Use in soap at up to 15%. This lightweight oil absorbs quickly and hydrates the skin.
Red Palm Oil
Creates hard bars and beautiful golden orange color. The highest natural source of vitamin A for your skin. Recommended at no more than 15% of your recipe due to the possibility of staining skin and clothing.
Rice Bran Oil
An economical alternative to olive oil in soap making recipes. Use at up to 20% in your recipe. Too much more can cause a soft bar of soap with low lather.
Rosehip Seed Oil
Rosehip seed oil is wonderful for dry, aging skin types. High in vitamins A and C. Try it in soap making at 10% or less.
An excellent lightweight oil that does not clog pores. It can be used up to 10% in soap recipes.
Shea butter helps harden soap and can be used at up to 15%. It can form crystals and for this reason it is best to temper the butter before use.
Shorea (Sal) Butter
Similar to Shea butter, you can use Sal butter at up to 6%. As with shea butter, cocoa butter and some others, tempering is recommended with sal butter to reduce crystallization.
Soybean produces a hard bar of soap when mixed with palm or coconut oil. Usually used at 50% or less in soap recipes. I recommend no more than 25%. Soybean oil is prone to rancidity fairly early. Does soap go bad? The answer is yes and no. Dreaded Orange Spots (DOS) may appear, along with an unpleasant odor. Although not fit for sale, bars with DOS that smell okay are still safe for personal use.
You can make soap exclusively from sunflower oil, but it will be a soft bar with low lather. I recommend keeping usage rates below 35%.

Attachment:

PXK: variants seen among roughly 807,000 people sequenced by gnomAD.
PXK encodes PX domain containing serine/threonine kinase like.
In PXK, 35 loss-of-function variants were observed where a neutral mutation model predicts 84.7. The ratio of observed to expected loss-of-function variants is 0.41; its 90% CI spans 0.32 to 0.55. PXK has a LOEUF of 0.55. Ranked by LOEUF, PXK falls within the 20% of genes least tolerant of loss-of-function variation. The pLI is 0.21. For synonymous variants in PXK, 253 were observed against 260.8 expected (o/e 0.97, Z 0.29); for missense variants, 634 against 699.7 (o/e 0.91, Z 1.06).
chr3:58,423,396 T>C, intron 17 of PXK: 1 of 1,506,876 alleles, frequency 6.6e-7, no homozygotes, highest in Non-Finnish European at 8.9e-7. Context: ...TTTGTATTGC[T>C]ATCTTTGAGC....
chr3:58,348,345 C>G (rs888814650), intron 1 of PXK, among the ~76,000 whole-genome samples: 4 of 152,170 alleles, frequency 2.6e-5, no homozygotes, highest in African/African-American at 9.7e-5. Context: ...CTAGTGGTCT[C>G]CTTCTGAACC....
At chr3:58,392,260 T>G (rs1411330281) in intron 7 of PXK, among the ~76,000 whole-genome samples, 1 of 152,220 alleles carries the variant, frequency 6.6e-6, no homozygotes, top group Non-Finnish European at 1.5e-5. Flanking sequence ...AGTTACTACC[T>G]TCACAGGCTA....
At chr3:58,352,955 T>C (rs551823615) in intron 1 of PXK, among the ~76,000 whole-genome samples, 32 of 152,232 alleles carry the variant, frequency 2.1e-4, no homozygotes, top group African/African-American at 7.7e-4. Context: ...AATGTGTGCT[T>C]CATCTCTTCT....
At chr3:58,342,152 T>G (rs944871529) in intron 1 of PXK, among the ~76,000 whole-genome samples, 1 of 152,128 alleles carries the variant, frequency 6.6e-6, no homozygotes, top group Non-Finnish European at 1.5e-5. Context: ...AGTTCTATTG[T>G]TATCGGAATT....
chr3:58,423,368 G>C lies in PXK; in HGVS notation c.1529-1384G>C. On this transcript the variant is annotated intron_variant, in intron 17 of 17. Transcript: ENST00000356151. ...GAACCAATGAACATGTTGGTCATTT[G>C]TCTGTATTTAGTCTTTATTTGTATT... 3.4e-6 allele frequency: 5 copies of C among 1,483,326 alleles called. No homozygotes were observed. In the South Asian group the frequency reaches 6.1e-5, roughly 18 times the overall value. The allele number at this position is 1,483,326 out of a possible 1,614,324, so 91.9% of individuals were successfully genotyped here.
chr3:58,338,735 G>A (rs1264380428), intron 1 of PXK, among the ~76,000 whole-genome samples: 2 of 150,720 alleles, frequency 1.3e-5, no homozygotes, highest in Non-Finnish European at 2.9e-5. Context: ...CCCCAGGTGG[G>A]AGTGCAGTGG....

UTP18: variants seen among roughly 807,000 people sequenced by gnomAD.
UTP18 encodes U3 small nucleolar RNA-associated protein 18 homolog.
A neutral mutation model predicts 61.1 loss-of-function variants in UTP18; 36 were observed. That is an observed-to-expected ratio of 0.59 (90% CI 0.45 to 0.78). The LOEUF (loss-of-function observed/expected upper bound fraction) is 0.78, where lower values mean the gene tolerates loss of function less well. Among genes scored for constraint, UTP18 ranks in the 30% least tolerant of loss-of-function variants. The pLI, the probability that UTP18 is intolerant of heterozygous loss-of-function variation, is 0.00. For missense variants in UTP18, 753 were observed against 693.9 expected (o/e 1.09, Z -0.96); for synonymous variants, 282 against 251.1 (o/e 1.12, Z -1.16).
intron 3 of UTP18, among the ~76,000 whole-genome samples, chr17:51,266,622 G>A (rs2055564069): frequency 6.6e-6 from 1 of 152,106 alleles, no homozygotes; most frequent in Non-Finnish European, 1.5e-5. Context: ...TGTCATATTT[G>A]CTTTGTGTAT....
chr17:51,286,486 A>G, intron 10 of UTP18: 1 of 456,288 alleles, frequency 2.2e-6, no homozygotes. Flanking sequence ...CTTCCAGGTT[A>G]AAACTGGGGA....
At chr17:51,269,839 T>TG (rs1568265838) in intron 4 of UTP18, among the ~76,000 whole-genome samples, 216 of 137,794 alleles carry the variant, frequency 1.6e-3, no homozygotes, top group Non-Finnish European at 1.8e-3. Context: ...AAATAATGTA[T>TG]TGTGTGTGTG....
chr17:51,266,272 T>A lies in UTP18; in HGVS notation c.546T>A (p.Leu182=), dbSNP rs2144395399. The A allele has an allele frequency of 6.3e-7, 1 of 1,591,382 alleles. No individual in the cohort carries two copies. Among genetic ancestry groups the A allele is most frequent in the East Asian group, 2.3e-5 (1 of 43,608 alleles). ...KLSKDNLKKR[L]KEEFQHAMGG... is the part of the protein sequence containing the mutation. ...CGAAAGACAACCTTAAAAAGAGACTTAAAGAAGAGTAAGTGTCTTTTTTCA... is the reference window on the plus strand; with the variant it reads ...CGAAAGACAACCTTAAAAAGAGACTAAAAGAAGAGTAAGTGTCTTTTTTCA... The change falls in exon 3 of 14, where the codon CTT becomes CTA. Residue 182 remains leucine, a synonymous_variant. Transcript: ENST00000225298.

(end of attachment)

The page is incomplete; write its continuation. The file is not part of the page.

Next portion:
Sweet Almond Oil
Sweet almond oil feels light and luxurious in soaps. It can be used at up to 20% in your recipe.
Tallow yields a very hard bar of soap, but used in too high of a percentage it can mean no lather at all. Best to keep tallow below 25% for this reason.
Tamanu oil can be used at up to 5% in your recipe. It forms a barrier on the skin that locks in moisture.
Tucuma butter yields a lovely, gentle lather. Use at up to 6% of total recipe.
This oil, which is high in B vitamins and niacin, conditions and moisturizes. It can be used at up to 15% in soap.
Wheat Germ Oil
This richly emollient and deeply nutritious oil can be used in cold process at up to 10%.
While there are other oils and butters that could be used, this soap making oil chart covers the most common and a few of the more exotic oils. Just about any oil you find will be available for experimentation in the online lye calculators, leaving a world of options for you and your soap recipes.
Did we miss anything on our soap making oil chart? What do you think are the best oils for soap making?
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Is mustard oil safe to use in soapmaking? It is from India and I bought it in Hong Kong. Thanks. – Raja
There are two products that are referred to as mustard oil. The first is a cold-pressed oil that is extracted from the seeds. The second is an essential oil derived from distilling the crushed seeds with water. Only the cold-pressed oil can be used in soap making, and only with an abundance of caution: mustard oil can be a strong skin irritant. These soaps should never be used on the face or any part of the body with mucous membranes because it can be too harsh. As a hand and foot wash, soap enriched with up to one-half ounce of mustard oil per pound of base oils can be used. Mustard essential oil should never be used in any quantity because it contains natural cyanide products that are a powerful poison. Avoid mustard essential oil completely. – Thanks, Melanie Teegarden